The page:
Exclusive: Pressure on hospices 'relentless' as patients rise by one-third compared to first Covid wave

  • Video report by political correspondent Dan Hewitt

Hospices in England are caring for more than one-third more patients than in the first wave of the coronavirus pandemic, with one in three patients being discharged from NHS hospitals, ITV News has learned.

A survey by Hospice UK exclusively for ITV News shows that in the week beginning February 8, 35% of hospice inpatients came from hospitals, including people with Covid-19.

Around 23% of hospice patients being cared for at home also came directly from hospital settings.

In June last year hospices were caring for around 200,000 people per month, both inpatient and in the community.

In the week beginning February 8 this year, they were caring for 277,140 patients - a rise of 37.5%.

Some hospices have set up entire coronavirus wards within their buildings as more patients with Covid-19 are discharged to relieve pressure on the NHS.

At Ashgate Hospice in Chesterfield, two of their inpatient wings are now designated solely for coronavirus patients discharged from the Chesterfield Royal Hospital, which reported earlier this month that all 16 of its ICU beds were full.

The hospice's Chief Executive Barbara-Anne Walker told us she is proud of the work they do relieving pressure on the health system, but said they need more government funding to carry on their work.

"The money we get from the NHS doesn't cover our costs under normal circumstances, and the additional money [from the government] is really very welcome but is only for just now and it doesn't cover all of our costs," Ms Walker said.

Hospice chief executive on the struggles facing her hospice:

"The NHS does not provide the care we provide, they're not able to, they don't have the capacity or the capability, so if we're not here to do it people will die in pain, they will die in distress, in a way that isn't necessary."

In November hospices were given £125 million to pay for additional capacity, but that money runs out at the end of March and the pressure on hospices is still intense.

The average adult hospice in England receives 32% of its funding from government health budgets, for children's hospices it is 17%.

The majority of funding is received through fundraising, but the lockdown has closed several sources of income including charity shops and large-scale fundraising events.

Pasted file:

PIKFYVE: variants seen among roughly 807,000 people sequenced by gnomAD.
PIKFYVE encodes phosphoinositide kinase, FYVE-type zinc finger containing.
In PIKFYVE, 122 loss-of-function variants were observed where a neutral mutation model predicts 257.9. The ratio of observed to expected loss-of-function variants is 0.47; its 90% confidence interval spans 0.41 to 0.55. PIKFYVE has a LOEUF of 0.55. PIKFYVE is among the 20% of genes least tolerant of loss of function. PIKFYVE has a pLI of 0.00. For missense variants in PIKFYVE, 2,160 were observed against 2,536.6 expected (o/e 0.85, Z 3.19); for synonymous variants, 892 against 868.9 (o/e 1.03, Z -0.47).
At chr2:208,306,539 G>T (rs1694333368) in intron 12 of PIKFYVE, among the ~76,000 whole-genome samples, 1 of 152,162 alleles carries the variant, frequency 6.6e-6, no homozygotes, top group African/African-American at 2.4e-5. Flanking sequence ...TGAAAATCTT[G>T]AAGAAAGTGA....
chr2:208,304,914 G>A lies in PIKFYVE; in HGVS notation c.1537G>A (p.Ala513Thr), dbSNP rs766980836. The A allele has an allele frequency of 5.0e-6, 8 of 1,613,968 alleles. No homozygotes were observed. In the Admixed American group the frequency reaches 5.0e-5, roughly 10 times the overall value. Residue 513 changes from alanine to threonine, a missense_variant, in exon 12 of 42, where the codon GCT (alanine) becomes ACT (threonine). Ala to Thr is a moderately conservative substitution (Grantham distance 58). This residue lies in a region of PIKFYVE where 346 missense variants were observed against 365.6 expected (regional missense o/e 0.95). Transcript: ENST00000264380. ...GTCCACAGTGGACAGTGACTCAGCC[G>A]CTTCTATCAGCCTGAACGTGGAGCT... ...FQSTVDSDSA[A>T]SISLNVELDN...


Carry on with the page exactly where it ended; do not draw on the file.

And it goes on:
During the first lockdown, hospices lost £70 million in funding in one month.

In November hospices were given £125 million to pay for additional capacity during the winter, but that money runs out at the end of March and the pressure on hospices is still intense.

Hospice UK says it is crucial the government continues to provide additional help.

"We've got funding now until the end of March, and we're in active discussions with the government about extending that," said Tracey Bleakley, CEO of Hospice UK.

Hospice UK CEO on need for more funding

"We know that it is going to be crucial to keep hospital capacity open after that for Covid patients and into recovery so we're really hopeful we can secure additional funding."

At Ashgate Hospice, they have up to eight Covid-positive patients per day.

Tight infection controls mean they have so far avoided any Covid outbreaks among staff or other inpatients, but the pressure is taking its toll.

Hospice nurse on the huge workload increase during the pandemic:

"We've always done end of life care but I think it's been the turnover of patients and the turnover of the number of deaths in a shift," said nurse Sarah Kerry.

"It does increase the workload and it just puts pressure on staff. It's an emotional burden as well, it takes a lot out of you to care for people at end of life, so it is challenging."

Nurse Helen Beard told me it's often on the drive home, after a 12-hour shift, that what she has witnessed sinks in.

She said: "Obviously, we've been having lots more patients and more deaths really.

"I've had to deal with three patients that have passed away during one shift. It's hard sometimes to come to terms with what's happened really."

ITV News have approached the Department for Health and Social Care for comment.